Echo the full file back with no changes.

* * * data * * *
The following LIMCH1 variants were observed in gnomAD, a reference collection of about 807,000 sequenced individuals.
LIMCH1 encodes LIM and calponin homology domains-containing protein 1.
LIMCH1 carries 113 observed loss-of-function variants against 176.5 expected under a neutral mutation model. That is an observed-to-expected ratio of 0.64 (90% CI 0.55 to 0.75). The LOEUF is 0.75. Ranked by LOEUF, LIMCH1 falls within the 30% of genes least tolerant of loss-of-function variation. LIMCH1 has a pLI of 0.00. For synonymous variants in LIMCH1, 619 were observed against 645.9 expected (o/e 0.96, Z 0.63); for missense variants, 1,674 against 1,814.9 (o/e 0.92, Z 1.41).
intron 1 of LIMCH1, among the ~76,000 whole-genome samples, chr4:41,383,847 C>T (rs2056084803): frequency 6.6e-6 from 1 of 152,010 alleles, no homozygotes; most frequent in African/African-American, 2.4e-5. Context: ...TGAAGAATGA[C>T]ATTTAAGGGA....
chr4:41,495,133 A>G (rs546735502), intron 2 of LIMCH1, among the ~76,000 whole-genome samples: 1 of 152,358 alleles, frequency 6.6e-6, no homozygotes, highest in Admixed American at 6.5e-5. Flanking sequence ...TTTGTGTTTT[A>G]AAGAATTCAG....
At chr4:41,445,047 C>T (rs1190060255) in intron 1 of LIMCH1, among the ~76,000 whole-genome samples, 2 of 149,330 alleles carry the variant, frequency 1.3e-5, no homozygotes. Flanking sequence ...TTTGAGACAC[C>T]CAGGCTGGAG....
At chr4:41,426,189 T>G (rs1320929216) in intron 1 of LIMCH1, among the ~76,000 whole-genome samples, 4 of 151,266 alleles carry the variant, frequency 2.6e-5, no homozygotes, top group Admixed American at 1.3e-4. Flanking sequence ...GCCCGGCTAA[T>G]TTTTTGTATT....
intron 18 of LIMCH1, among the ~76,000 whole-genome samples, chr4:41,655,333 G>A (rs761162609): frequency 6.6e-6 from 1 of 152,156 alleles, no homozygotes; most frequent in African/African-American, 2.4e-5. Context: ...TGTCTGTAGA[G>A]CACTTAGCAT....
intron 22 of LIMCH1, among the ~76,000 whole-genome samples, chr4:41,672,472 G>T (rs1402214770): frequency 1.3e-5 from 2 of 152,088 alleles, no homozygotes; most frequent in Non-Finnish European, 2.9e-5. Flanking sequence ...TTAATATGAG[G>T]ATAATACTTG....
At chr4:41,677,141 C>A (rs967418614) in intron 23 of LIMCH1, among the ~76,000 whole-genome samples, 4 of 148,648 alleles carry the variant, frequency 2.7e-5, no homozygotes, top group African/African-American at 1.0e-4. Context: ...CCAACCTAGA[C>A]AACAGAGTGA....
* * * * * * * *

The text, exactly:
The following LIMCH1 variants were observed in gnomAD, a reference collection of about 807,000 sequenced individuals.
LIMCH1 encodes LIM and calponin homology domains-containing protein 1.
LIMCH1 carries 113 observed loss-of-function variants against 176.5 expected under a neutral mutation model. That is an observed-to-expected ratio of 0.64 (90% CI 0.55 to 0.75). The LOEUF is 0.75. Ranked by LOEUF, LIMCH1 falls within the 30% of genes least tolerant of loss-of-function variation. LIMCH1 has a pLI of 0.00. For synonymous variants in LIMCH1, 619 were observed against 645.9 expected (o/e 0.96, Z 0.63); for missense variants, 1,674 against 1,814.9 (o/e 0.92, Z 1.41).
intron 1 of LIMCH1, among the ~76,000 whole-genome samples, chr4:41,383,847 C>T (rs2056084803): frequency 6.6e-6 from 1 of 152,010 alleles, no homozygotes; most frequent in African/African-American, 2.4e-5. Context: ...TGAAGAATGA[C>T]ATTTAAGGGA....
chr4:41,495,133 A>G (rs546735502), intron 2 of LIMCH1, among the ~76,000 whole-genome samples: 1 of 152,358 alleles, frequency 6.6e-6, no homozygotes, highest in Admixed American at 6.5e-5. Flanking sequence ...TTTGTGTTTT[A>G]AAGAATTCAG....
At chr4:41,445,047 C>T (rs1190060255) in intron 1 of LIMCH1, among the ~76,000 whole-genome samples, 2 of 149,330 alleles carry the variant, frequency 1.3e-5, no homozygotes. Flanking sequence ...TTTGAGACAC[C>T]CAGGCTGGAG....
At chr4:41,426,189 T>G (rs1320929216) in intron 1 of LIMCH1, among the ~76,000 whole-genome samples, 4 of 151,266 alleles carry the variant, frequency 2.6e-5, no homozygotes, top group Admixed American at 1.3e-4. Flanking sequence ...GCCCGGCTAA[T>G]TTTTTGTATT....
intron 18 of LIMCH1, among the ~76,000 whole-genome samples, chr4:41,655,333 G>A (rs761162609): frequency 6.6e-6 from 1 of 152,156 alleles, no homozygotes; most frequent in African/African-American, 2.4e-5. Context: ...TGTCTGTAGA[G>A]CACTTAGCAT....
intron 22 of LIMCH1, among the ~76,000 whole-genome samples, chr4:41,672,472 G>T (rs1402214770): frequency 1.3e-5 from 2 of 152,088 alleles, no homozygotes; most frequent in Non-Finnish European, 2.9e-5. Flanking sequence ...TTAATATGAG[G>T]ATAATACTTG....
At chr4:41,677,141 C>A (rs967418614) in intron 23 of LIMCH1, among the ~76,000 whole-genome samples, 4 of 148,648 alleles carry the variant, frequency 2.7e-5, no homozygotes, top group African/African-American at 1.0e-4. Context: ...CCAACCTAGA[C>A]AACAGAGTGA....